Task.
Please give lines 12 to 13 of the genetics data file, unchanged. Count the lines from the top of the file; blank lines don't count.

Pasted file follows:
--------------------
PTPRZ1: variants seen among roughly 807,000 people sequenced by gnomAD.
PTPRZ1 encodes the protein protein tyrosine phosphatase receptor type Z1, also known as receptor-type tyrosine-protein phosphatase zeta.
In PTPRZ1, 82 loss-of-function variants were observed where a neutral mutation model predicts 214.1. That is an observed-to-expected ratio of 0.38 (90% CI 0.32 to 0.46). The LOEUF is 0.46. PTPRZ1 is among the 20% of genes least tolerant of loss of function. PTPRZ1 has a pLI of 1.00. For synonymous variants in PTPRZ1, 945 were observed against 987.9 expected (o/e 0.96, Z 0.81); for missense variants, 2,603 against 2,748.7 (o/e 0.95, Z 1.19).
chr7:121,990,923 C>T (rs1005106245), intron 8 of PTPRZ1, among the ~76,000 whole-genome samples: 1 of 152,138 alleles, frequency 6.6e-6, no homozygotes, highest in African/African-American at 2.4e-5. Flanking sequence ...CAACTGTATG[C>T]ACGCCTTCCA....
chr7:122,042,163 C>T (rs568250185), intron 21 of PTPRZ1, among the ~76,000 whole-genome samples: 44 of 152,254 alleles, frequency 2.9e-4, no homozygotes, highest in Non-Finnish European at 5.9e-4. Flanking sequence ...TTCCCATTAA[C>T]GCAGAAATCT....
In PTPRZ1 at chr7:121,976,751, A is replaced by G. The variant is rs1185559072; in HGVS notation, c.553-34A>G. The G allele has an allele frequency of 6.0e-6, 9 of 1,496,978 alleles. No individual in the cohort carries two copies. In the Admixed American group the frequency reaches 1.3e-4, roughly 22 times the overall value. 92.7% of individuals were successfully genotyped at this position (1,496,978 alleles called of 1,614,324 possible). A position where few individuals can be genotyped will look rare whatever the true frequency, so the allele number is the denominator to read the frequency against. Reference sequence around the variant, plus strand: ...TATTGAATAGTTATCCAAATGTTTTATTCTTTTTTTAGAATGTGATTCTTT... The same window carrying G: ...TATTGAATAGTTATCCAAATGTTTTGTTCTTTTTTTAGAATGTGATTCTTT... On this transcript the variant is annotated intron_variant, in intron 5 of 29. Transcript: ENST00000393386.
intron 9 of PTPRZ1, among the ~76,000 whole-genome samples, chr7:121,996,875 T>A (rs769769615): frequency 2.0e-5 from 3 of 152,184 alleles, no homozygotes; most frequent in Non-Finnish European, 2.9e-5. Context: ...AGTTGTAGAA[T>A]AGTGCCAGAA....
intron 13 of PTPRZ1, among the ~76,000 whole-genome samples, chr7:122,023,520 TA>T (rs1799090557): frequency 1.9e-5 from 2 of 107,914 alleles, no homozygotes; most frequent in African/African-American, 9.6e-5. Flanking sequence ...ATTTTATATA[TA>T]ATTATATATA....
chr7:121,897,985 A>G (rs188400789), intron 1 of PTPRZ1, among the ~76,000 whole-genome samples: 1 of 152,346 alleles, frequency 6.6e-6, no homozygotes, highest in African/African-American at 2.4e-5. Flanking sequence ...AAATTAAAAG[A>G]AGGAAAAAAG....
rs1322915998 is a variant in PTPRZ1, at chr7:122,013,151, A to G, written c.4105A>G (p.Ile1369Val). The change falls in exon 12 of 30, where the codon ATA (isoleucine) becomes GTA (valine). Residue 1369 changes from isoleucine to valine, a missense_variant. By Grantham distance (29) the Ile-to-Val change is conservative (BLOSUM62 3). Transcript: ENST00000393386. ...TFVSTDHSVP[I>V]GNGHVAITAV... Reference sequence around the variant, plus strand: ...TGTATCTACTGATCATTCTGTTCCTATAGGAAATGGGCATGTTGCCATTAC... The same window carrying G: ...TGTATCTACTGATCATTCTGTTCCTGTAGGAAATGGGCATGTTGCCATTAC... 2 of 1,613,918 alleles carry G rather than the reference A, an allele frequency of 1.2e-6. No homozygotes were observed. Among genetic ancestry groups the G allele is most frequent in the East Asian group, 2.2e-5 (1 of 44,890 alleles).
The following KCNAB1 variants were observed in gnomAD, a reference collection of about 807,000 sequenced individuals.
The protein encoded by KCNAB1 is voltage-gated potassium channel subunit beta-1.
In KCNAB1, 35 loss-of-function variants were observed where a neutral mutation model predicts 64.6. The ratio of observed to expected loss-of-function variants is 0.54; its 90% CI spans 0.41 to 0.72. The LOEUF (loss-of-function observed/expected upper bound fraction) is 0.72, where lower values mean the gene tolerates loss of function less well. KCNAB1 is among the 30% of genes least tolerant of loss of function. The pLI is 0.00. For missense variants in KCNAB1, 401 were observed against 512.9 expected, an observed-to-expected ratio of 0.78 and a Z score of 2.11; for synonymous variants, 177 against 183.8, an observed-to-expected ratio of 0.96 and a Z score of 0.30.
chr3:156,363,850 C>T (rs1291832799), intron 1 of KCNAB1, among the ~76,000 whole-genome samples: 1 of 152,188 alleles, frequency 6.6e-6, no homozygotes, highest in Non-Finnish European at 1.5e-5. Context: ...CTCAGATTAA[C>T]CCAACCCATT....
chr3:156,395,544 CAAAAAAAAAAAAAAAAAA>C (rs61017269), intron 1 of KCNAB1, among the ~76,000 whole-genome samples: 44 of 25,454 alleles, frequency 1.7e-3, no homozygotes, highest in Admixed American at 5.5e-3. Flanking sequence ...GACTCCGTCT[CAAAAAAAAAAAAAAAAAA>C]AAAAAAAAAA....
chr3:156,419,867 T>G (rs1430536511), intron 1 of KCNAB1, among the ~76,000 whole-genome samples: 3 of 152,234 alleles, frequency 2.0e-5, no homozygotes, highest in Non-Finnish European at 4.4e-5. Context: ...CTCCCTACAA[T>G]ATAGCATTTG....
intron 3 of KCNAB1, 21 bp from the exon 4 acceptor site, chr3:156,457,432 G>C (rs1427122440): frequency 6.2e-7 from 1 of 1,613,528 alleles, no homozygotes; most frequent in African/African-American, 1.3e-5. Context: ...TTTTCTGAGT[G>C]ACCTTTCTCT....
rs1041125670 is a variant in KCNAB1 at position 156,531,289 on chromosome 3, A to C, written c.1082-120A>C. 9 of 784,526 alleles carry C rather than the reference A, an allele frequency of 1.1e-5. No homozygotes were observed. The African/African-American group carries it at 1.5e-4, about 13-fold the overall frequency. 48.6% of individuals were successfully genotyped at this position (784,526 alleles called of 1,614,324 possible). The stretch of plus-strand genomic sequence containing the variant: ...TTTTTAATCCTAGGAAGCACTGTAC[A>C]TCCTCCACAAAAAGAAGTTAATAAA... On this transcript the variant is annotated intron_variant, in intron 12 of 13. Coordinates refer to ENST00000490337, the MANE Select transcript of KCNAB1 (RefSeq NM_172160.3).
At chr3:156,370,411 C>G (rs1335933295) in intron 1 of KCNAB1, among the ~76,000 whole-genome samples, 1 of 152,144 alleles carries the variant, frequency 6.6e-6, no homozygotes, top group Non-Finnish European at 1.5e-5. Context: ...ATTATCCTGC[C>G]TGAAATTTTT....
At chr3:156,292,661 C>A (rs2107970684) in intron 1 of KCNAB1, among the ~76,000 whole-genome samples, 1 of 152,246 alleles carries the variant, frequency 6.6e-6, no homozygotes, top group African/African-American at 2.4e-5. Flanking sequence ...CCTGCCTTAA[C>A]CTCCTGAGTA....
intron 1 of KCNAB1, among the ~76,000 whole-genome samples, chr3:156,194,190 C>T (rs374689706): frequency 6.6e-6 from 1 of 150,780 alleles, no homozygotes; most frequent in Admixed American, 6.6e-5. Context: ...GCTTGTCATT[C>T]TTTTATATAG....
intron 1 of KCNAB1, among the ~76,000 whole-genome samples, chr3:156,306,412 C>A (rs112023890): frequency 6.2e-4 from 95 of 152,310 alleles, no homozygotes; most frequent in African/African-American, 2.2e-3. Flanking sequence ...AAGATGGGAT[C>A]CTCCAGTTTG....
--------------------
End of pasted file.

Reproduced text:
The protein encoded by KCNAB1 is voltage-gated potassium channel subunit beta-1.
In KCNAB1, 35 loss-of-function variants were observed where a neutral mutation model predicts 64.6. The ratio of observed to expected loss-of-function variants is 0.54; its 90% CI spans 0.41 to 0.72. The LOEUF (loss-of-function observed/expected upper bound fraction) is 0.72, where lower values mean the gene tolerates loss of function less well. KCNAB1 is among the 30% of genes least tolerant of loss of function. The pLI is 0.00. For missense variants in KCNAB1, 401 were observed against 512.9 expected, an observed-to-expected ratio of 0.78 and a Z score of 2.11; for synonymous variants, 177 against 183.8, an observed-to-expected ratio of 0.96 and a Z score of 0.30.